“The venues play a big role in FUZE,” said Harrison.  “Part of the initial idea of FUZE was inspired by a show I did for one of the FeelsGood Xmas parties years ago.  We had a marimba trio in the Phoenix (an upstairs dance venue within the Capital Complex), which was well received.  I thought ‘man, if marimbas can rock in a bar, why can’t other classical instruments?’. There seems to be a stigma attached to classical music, that it belongs in concert halls and embodies a particular formality.  FUZE is an attempt to break down those walls, allowing music to be music.  It really works both ways, bringing classical and contemporary music into pubs, and bringing art-rock and experimental music into concert halls.”

This year’s program will see the return of FUZE Constructions, an event launched last year that challenges contemporary musicians to reinterpret classical works associated with the NBSMF’s annual theme.

Constructions will consist of four bands either pre-existing or new, who will each create fifteen minutes of music inspired by the NBSMF’s theme, which is Russian composers this year,” said Harrison.  “We don’t give any other instruction other than that.  It was really neat seeing it unfold last year.  Each group took a very different approach which made for a very unique and interesting set.”

Tate LeJeune and Cedric Noel perform at FUZE Constructions 2015. Submitted photo.

Last year’s Constructions series also resulted in the collaborative project C-N-U-S, made up of Cedric Noel and Tate LeJeune. The two later recorded and released an EP inspired by their FUZE collaboration.

Alongside FUZE Constructions, the Friday night lineup will also include sets by Brad Perry (Grand Theft Bus, Heat & Lights, Mayors, Gravity Strike) which Harrison describes as “chance-based, generative electronic improve”, followed by Harrison’s sample-based drum improvisations.  Fredericton’s NUAGES will close the night with an instrumental-heavy set.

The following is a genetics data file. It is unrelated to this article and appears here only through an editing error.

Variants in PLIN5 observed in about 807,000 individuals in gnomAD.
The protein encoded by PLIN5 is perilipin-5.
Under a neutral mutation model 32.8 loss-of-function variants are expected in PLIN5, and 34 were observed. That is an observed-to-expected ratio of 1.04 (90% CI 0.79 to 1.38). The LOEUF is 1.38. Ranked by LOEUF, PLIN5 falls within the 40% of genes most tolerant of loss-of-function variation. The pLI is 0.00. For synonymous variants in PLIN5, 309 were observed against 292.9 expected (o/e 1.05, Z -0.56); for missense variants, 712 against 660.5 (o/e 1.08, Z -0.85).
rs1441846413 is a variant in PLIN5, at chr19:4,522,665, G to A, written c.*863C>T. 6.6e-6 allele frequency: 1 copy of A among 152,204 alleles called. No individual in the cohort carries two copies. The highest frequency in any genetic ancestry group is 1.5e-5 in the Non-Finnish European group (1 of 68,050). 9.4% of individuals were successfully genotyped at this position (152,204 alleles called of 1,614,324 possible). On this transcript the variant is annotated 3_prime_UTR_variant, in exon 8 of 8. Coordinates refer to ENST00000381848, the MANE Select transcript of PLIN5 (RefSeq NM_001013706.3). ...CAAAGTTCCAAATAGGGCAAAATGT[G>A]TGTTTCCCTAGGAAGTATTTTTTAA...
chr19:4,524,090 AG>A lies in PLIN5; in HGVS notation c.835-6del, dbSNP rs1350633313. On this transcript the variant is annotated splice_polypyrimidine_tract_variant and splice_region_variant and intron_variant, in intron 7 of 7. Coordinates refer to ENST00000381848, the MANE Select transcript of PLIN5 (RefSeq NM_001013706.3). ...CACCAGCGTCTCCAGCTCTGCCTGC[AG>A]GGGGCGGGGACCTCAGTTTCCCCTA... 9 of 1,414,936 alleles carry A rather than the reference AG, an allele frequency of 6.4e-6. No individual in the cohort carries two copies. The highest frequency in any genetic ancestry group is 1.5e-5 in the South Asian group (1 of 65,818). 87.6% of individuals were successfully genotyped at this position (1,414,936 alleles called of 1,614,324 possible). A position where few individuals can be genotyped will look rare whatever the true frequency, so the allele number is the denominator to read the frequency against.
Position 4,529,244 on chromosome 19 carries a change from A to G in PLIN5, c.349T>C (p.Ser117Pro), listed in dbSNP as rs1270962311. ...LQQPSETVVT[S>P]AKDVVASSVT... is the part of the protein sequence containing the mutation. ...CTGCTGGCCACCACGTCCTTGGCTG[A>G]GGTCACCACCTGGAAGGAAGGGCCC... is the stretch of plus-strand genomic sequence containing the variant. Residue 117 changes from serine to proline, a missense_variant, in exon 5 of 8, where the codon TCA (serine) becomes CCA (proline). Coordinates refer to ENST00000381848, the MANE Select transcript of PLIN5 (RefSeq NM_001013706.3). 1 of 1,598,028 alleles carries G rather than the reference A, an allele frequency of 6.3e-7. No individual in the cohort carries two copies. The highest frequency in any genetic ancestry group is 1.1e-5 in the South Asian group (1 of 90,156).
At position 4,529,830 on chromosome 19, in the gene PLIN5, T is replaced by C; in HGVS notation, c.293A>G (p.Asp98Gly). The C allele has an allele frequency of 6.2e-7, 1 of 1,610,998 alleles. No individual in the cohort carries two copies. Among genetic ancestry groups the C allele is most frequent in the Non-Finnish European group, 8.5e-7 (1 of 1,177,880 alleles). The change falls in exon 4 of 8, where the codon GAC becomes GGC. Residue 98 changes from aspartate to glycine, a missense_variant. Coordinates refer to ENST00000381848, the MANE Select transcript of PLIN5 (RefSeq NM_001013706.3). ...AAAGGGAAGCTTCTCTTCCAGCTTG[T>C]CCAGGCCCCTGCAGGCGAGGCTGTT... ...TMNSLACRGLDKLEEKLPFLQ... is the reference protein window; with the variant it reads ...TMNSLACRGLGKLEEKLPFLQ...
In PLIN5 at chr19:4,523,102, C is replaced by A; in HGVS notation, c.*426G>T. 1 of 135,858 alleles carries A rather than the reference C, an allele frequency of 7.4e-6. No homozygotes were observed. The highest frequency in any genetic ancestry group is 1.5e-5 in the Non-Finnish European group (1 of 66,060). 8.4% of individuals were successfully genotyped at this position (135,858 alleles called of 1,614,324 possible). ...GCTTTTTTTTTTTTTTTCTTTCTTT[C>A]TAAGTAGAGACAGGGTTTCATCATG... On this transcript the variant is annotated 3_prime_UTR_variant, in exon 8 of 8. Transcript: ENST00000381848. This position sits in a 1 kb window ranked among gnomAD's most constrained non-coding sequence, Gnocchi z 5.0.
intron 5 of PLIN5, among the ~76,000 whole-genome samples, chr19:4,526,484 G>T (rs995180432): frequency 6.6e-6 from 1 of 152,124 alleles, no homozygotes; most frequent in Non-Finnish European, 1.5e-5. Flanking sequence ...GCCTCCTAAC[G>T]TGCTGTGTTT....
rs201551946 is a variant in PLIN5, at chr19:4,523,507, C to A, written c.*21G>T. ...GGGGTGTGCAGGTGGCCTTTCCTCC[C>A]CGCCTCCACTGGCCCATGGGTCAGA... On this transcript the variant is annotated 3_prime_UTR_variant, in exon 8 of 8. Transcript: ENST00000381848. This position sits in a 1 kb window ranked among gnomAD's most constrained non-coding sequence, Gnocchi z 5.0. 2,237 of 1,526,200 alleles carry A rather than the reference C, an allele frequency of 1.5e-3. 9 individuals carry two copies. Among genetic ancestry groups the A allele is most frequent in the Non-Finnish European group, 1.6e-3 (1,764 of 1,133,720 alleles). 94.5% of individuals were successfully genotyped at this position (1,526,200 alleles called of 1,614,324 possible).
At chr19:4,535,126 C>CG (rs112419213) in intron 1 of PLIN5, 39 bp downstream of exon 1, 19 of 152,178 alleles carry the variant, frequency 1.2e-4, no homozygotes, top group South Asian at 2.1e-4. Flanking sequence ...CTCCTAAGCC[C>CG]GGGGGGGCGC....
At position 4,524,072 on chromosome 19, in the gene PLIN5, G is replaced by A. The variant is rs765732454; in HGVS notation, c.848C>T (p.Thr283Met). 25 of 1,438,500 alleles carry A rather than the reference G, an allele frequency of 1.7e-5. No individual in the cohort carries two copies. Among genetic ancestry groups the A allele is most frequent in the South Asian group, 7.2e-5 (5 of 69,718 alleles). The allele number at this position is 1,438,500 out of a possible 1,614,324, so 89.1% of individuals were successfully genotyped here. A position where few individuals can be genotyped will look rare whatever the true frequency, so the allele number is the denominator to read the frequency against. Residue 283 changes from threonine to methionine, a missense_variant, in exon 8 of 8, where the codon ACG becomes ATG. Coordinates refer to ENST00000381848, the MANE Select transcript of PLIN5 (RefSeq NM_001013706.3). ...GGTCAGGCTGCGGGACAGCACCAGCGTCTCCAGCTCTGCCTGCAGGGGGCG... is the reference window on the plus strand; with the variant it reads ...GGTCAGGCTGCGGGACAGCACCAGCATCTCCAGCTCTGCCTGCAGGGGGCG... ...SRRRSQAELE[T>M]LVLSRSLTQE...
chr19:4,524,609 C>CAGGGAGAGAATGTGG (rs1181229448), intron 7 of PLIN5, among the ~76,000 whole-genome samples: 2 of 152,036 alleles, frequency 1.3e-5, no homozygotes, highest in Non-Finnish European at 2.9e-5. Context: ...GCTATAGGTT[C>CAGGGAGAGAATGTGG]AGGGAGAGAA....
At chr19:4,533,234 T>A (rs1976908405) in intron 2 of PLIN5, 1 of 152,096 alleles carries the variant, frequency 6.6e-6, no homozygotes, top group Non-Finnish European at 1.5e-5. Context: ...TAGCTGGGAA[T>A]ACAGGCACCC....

Saturday’s FUZE programming will include a performance at Memorial Hall by the Ottawa art-rock group, Pony Girl.

“I’ve seen Pony Girl play multiple times in Toronto and really been blown away on so many levels,” said Harrison.  “They are such a dynamic group that fuse many concepts and styles together.  However, there’s a catch. This year we’re trying something completely new and introducing a FUZE ensemble made up from some of the Maritimes’ hottest classical players.  Following Pony Girl’s set, we will have the ensemble improvise with the band.  It should be an interesting project and it has me equally nervous and excited.”

To stay up to date with this year’s FUZE New Music Festival, keep an eye on www.nbsummermusicfestival.ca

FUZE | Friday August 12, 2016 | The Capital Complex | 10pm | $8 | View Event 

FUZE | Saturday August 13, 2016 | Memorial Hall | 8pm | $15

FUZE is presented this year by FeelsGood.